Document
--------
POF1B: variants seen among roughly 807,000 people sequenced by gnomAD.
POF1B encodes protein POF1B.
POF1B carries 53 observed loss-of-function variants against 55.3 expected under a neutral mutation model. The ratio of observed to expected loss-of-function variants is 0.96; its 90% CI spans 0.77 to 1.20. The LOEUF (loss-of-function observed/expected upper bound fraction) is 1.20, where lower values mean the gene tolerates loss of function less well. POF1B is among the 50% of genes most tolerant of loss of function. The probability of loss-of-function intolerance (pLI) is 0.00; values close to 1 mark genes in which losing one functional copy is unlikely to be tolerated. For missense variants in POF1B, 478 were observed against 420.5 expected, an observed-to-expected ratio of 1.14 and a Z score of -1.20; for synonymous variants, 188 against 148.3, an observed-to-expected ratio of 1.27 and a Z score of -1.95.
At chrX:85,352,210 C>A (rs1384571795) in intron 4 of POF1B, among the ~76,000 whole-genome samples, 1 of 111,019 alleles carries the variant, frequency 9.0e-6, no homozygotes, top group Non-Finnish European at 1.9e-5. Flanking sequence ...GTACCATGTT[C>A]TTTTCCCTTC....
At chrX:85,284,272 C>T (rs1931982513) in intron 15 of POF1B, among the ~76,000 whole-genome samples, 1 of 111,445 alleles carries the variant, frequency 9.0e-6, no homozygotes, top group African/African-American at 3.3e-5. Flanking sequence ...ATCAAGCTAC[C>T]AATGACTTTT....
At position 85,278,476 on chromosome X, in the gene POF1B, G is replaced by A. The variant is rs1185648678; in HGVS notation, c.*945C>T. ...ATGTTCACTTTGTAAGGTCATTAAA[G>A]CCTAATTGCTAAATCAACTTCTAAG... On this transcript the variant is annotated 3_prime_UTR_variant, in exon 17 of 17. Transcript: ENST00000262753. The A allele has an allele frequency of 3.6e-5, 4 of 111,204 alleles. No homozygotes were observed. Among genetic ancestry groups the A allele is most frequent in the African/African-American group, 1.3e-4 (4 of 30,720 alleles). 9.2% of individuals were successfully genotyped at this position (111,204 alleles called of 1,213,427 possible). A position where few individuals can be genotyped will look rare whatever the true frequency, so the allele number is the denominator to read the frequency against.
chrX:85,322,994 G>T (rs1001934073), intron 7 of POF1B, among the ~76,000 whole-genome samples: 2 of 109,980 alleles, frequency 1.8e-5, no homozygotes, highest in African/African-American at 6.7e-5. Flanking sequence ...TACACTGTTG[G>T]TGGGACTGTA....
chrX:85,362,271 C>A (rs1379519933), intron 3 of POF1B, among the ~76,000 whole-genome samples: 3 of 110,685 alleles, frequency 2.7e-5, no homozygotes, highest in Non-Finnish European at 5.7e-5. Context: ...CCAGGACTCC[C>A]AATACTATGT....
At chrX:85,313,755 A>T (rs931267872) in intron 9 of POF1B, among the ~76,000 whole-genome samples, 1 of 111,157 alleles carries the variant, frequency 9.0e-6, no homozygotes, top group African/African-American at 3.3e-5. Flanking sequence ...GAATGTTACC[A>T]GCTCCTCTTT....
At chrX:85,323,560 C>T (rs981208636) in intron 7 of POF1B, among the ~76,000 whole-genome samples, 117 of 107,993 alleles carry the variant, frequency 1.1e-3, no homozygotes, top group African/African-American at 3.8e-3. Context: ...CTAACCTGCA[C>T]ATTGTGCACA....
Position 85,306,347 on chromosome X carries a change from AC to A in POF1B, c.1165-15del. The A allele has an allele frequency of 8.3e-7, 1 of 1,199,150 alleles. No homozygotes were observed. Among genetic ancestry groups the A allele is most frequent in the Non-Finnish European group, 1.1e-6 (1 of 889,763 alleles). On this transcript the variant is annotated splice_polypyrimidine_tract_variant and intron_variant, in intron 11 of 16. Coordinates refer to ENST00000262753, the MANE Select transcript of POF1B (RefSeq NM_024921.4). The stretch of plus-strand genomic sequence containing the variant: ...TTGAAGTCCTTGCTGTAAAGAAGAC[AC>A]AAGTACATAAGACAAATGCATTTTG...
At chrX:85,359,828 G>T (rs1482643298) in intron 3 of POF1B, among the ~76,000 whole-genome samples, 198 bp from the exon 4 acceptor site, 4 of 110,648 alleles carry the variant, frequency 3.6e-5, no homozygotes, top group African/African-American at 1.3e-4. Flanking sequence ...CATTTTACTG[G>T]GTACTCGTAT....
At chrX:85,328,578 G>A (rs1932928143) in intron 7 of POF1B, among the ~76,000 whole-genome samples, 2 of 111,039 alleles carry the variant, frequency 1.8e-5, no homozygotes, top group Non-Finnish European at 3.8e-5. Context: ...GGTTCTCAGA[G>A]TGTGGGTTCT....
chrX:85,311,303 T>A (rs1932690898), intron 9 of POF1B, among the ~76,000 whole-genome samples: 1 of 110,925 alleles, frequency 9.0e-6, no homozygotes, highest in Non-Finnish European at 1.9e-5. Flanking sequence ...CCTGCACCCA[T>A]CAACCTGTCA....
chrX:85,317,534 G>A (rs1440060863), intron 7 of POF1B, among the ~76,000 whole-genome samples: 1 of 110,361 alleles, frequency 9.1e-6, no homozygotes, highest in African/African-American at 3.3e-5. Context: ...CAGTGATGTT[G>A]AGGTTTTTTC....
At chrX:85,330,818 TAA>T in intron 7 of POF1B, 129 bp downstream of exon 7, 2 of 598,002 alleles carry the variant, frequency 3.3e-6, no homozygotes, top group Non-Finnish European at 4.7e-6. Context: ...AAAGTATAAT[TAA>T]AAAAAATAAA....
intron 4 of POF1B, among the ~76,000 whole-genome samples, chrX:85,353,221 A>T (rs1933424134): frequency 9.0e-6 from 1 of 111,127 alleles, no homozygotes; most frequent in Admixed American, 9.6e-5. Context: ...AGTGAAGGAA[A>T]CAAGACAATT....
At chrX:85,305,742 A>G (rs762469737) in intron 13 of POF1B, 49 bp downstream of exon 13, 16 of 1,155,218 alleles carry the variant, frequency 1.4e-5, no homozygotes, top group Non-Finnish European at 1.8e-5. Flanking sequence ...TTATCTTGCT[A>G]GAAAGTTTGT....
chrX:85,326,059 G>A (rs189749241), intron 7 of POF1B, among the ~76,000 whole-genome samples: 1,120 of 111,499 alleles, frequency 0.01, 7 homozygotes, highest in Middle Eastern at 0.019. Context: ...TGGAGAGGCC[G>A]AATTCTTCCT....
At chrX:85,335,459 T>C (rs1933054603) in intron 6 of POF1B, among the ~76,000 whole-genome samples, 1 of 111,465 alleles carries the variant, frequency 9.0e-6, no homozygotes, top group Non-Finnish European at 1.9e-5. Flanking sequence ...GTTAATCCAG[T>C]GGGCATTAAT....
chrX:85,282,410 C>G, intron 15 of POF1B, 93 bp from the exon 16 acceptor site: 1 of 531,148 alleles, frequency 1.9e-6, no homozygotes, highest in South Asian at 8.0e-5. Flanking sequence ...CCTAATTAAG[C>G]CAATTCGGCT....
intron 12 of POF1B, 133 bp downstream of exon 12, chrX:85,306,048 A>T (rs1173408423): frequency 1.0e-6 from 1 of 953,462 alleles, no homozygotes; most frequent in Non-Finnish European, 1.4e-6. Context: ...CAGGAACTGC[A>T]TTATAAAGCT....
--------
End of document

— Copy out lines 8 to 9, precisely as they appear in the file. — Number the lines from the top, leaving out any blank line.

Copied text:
chrX:85,362,271 C>A (rs1379519933), intron 3 of POF1B, among the ~76,000 whole-genome samples: 3 of 110,685 alleles, frequency 2.7e-5, no homozygotes, highest in Non-Finnish European at 5.7e-5. Context: ...CCAGGACTCC[C>A]AATACTATGT....
At chrX:85,313,755 A>T (rs931267872) in intron 9 of POF1B, among the ~76,000 whole-genome samples, 1 of 111,157 alleles carries the variant, frequency 9.0e-6, no homozygotes, top group African/African-American at 3.3e-5. Flanking sequence ...GAATGTTACC[A>T]GCTCCTCTTT....